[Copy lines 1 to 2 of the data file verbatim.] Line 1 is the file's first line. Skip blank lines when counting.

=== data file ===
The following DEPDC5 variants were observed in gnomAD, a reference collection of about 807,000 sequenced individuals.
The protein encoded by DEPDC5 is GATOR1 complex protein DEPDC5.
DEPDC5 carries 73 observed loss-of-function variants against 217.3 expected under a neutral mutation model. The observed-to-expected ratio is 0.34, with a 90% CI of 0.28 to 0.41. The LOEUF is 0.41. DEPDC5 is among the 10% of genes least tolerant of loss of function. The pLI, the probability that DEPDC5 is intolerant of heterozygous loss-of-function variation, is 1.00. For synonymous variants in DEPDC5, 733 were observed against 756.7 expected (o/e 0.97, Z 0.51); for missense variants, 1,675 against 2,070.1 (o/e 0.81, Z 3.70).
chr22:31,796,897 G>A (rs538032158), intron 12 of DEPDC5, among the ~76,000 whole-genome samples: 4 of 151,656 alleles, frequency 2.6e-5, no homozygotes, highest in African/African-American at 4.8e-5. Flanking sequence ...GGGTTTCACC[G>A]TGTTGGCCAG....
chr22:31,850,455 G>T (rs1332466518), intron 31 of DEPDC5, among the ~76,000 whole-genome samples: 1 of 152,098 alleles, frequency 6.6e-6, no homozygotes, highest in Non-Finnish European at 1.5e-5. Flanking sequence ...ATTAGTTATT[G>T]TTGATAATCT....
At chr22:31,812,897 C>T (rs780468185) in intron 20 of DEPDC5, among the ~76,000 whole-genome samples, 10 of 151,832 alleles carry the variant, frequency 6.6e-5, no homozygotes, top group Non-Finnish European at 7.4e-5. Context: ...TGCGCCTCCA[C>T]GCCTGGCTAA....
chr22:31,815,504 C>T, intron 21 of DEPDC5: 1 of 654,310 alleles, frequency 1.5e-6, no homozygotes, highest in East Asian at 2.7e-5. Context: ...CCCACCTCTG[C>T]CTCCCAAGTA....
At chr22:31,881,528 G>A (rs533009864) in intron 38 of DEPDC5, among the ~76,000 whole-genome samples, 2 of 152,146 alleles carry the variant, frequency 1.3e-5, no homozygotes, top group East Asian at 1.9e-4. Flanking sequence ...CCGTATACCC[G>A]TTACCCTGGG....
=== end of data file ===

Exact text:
The following DEPDC5 variants were observed in gnomAD, a reference collection of about 807,000 sequenced individuals.
The protein encoded by DEPDC5 is GATOR1 complex protein DEPDC5.